7. There is neither any pleading nor any evidence on the record of the trial Court that no regular process of appointment was followed when respondent was appointed and that therefore he had no right to claim regularization. The respondent tendered his evidence before the Industrial Court and deposed in accordance with the averments in the complaint. He also deposed that he is a handicapped person to the extent of 40% and there was a reservation for handicapped persons and he was entitled to be regularized in service in accordance with the said reservation. There is absolutely no challenge to his evidence regarding handicap and the various documents filed and proved by him. Neither there was any objection to his evidence to that effect nor to the exhibition of documents filed by him in support of his case. Now perusal of the documents from Exh. 13-A to 13-S show that the respondent worked in various departments of the Municipal Council and even on the election duty. Exh. 13-T is a document issued by Civil Surgeon, Wardha declaring his disability to the extent of 40% and, thus, he has proved that he is a handicapped person. Exh. 13-DD is the order appointing one Balkrushna Vinayak Satpute in a vacant post of Coolie in Garden department. Exh. 13-EE is a Government resolution dated 19th September, 1989 providing for 3% reservation to the handicapped persons. Eh. 15-A is the Circular dated 19th July, 2000 issued by the Government, asking the Municipal Council in the State of Maharashtra to provide reservation to the extent of 3% in accordance with the Central Act, namely, "The Persons with Disabilities (Equal Opportunities, Protection of Rights and Full Participation) Act, 1995". Exh. 15-B is the direction issued by the Collector, Wardha to the petitioner-Council for implementing the provisions of the said Act. It is clear from the record that the petitioner did not even enter into witness box despite grant of time as observed by the Industrial Court. Now in the wake of the categorical evidence tendered by the respondent and the documents filed by him including the reservation of 3% to the handicapped persons, I fail to understand why the entire evidence of the respondent should not be believed as has been done by the Industrial Court. The petitioner did not at all lead any oral or documentary evidence in rebuttal and, therefore, I do not think that in the absence of any evidence having been led in rebuttal, the petitioner can be heard to say that the Industrial Court did not act according to law. The stand taken by the petitioner that respondent was appointed in a scheme which was closed down in 1995 is wrong and misleading. The Industrial Court has on the evidence recorded the following findings;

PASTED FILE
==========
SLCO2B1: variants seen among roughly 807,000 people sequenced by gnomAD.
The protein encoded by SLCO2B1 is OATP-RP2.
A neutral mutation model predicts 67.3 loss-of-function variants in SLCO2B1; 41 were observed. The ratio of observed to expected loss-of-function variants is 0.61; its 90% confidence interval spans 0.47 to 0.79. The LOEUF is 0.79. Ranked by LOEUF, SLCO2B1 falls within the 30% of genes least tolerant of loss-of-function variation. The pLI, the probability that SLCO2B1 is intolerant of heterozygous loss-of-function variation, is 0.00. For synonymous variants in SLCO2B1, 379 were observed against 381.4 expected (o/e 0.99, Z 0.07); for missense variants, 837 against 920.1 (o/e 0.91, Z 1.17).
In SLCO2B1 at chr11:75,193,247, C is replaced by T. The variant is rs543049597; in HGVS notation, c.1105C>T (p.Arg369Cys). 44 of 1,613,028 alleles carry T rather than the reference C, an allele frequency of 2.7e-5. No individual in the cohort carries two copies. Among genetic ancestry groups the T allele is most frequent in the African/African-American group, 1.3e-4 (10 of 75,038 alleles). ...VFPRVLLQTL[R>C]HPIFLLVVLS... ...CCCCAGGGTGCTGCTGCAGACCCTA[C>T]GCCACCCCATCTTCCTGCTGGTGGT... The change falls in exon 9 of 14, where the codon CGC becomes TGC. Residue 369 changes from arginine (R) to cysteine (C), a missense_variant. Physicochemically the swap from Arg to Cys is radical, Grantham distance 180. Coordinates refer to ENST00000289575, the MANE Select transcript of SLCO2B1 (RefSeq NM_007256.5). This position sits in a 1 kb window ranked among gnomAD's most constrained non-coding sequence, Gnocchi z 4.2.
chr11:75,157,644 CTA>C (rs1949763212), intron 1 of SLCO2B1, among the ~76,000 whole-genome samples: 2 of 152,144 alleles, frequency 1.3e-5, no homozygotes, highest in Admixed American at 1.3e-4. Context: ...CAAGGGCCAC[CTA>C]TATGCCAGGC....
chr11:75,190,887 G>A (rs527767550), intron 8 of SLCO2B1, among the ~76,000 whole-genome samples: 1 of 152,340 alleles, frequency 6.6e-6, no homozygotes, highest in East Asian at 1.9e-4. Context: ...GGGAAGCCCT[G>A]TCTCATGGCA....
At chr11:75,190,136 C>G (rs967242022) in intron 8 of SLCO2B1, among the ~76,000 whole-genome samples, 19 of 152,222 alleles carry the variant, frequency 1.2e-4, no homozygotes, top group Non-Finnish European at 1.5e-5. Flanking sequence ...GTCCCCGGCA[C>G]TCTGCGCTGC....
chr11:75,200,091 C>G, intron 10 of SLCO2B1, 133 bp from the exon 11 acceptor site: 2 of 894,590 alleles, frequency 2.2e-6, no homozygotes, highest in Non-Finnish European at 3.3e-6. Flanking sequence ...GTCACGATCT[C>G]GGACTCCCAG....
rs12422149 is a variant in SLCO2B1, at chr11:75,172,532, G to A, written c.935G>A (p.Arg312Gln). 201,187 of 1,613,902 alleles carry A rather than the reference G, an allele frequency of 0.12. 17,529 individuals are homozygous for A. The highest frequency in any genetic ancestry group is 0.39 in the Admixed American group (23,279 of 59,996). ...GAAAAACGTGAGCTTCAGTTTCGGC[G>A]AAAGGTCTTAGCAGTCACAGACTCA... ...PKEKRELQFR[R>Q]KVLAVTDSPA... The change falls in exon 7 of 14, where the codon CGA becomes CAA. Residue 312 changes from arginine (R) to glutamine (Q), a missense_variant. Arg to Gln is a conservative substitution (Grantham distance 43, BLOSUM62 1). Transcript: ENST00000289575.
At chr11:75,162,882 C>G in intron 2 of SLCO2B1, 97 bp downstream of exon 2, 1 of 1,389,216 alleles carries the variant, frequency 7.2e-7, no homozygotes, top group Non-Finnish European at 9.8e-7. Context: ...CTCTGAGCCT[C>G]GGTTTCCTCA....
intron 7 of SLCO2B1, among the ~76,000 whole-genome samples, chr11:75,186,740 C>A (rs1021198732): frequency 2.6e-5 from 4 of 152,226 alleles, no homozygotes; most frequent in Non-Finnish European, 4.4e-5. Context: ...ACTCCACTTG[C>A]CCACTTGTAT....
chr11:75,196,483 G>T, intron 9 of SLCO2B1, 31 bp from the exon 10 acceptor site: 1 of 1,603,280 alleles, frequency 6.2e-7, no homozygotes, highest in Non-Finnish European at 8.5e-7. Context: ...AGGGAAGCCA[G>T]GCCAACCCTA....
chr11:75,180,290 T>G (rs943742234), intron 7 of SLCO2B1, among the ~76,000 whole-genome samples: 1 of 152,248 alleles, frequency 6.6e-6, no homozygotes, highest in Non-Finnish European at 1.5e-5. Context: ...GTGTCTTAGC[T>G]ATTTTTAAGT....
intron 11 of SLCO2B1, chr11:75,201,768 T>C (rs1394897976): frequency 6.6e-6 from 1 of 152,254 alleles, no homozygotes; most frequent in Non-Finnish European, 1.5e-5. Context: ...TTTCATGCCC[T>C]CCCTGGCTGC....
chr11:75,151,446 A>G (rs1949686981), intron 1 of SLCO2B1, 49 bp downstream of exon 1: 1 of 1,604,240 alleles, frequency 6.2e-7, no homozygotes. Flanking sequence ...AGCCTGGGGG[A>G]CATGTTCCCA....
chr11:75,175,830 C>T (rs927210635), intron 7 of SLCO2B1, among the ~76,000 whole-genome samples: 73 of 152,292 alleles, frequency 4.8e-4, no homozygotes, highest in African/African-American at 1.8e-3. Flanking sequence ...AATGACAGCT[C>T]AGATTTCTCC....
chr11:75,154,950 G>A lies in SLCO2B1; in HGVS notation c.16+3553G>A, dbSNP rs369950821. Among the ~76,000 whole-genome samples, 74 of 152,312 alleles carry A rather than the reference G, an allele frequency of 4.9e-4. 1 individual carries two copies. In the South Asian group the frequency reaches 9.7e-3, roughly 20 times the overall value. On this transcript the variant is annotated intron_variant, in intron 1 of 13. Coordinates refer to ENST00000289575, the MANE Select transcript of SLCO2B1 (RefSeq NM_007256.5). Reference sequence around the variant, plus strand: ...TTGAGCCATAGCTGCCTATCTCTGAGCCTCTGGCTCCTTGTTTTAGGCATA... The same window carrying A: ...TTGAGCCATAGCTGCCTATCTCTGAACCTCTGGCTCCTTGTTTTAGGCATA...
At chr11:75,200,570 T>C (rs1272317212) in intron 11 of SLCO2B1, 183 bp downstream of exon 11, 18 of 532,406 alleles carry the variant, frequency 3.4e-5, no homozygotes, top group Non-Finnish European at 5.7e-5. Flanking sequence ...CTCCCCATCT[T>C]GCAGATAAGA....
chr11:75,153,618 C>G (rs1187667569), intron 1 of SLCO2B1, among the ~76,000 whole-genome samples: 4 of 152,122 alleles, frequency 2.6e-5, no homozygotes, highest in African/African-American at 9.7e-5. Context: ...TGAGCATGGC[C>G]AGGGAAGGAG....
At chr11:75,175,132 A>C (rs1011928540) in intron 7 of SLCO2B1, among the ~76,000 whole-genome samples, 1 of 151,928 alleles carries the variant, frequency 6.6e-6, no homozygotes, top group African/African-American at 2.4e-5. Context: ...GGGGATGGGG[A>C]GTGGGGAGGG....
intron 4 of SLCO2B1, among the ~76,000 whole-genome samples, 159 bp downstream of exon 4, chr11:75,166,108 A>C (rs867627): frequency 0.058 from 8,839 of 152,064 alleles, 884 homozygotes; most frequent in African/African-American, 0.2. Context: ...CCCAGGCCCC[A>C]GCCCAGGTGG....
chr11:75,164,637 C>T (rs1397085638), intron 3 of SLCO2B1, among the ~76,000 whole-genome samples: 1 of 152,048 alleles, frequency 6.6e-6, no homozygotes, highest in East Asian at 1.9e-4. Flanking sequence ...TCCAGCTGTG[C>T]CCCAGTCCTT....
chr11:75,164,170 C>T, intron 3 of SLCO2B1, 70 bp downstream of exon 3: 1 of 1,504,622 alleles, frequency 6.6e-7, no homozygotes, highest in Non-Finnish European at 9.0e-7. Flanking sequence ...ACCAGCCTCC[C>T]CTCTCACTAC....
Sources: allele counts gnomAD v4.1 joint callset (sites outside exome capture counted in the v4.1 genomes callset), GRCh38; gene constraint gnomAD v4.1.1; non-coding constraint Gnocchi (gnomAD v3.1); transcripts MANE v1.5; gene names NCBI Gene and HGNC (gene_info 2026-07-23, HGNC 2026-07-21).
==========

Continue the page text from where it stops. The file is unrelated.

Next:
Nothing has been produced by the respondent to show that the appointment was under a particular scheme. In any case, when the scheme was closed down in 1995, the complainant should have been discontinued but that did not happen and the complainant continued to serve till this day. The complainant besides examining herself, has produced a number of documents on record which have all been specifically admitted by the learned Counsel representing the respondent No. 1. The complainant had also served the respondent No. 1 with a notice to produce documents especially the muster rolls for the entire period since 1994 etc., but nothing has been produced. To put it simply, the oral as well as documentary evidence adduced by the complainant is totally unrebutted.